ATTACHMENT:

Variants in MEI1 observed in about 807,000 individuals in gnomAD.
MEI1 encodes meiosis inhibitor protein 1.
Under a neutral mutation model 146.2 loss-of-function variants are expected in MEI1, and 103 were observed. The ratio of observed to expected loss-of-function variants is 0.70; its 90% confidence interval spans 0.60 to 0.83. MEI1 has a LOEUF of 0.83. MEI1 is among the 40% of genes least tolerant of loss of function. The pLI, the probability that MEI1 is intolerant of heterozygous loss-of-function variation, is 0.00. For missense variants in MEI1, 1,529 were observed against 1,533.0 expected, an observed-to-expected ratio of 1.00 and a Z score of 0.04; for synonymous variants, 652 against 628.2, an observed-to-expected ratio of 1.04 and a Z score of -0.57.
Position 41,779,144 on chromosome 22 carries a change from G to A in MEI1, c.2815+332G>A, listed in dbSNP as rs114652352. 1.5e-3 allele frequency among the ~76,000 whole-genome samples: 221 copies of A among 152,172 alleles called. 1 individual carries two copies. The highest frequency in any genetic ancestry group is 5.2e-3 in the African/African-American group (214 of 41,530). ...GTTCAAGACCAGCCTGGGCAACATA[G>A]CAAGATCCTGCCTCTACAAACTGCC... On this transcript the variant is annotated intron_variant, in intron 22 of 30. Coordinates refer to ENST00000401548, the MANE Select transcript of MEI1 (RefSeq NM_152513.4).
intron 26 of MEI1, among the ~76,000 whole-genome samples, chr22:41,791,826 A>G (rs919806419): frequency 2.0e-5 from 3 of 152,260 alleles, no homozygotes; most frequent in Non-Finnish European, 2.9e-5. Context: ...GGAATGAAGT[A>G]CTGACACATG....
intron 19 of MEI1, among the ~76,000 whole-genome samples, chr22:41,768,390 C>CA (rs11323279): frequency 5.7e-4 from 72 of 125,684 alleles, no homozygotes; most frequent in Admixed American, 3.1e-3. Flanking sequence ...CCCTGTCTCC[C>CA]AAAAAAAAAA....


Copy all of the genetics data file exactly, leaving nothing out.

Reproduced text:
Variants in MEI1 observed in about 807,000 individuals in gnomAD.
MEI1 encodes meiosis inhibitor protein 1.
Under a neutral mutation model 146.2 loss-of-function variants are expected in MEI1, and 103 were observed. The ratio of observed to expected loss-of-function variants is 0.70; its 90% confidence interval spans 0.60 to 0.83. MEI1 has a LOEUF of 0.83. MEI1 is among the 40% of genes least tolerant of loss of function. The pLI, the probability that MEI1 is intolerant of heterozygous loss-of-function variation, is 0.00. For missense variants in MEI1, 1,529 were observed against 1,533.0 expected, an observed-to-expected ratio of 1.00 and a Z score of 0.04; for synonymous variants, 652 against 628.2, an observed-to-expected ratio of 1.04 and a Z score of -0.57.
Position 41,779,144 on chromosome 22 carries a change from G to A in MEI1, c.2815+332G>A, listed in dbSNP as rs114652352. 1.5e-3 allele frequency among the ~76,000 whole-genome samples: 221 copies of A among 152,172 alleles called. 1 individual carries two copies. The highest frequency in any genetic ancestry group is 5.2e-3 in the African/African-American group (214 of 41,530). ...GTTCAAGACCAGCCTGGGCAACATA[G>A]CAAGATCCTGCCTCTACAAACTGCC... On this transcript the variant is annotated intron_variant, in intron 22 of 30. Coordinates refer to ENST00000401548, the MANE Select transcript of MEI1 (RefSeq NM_152513.4).
intron 26 of MEI1, among the ~76,000 whole-genome samples, chr22:41,791,826 A>G (rs919806419): frequency 2.0e-5 from 3 of 152,260 alleles, no homozygotes; most frequent in Non-Finnish European, 2.9e-5. Context: ...GGAATGAAGT[A>G]CTGACACATG....
intron 19 of MEI1, among the ~76,000 whole-genome samples, chr22:41,768,390 C>CA (rs11323279): frequency 5.7e-4 from 72 of 125,684 alleles, no homozygotes; most frequent in Admixed American, 3.1e-3. Flanking sequence ...CCCTGTCTCC[C>CA]AAAAAAAAAA....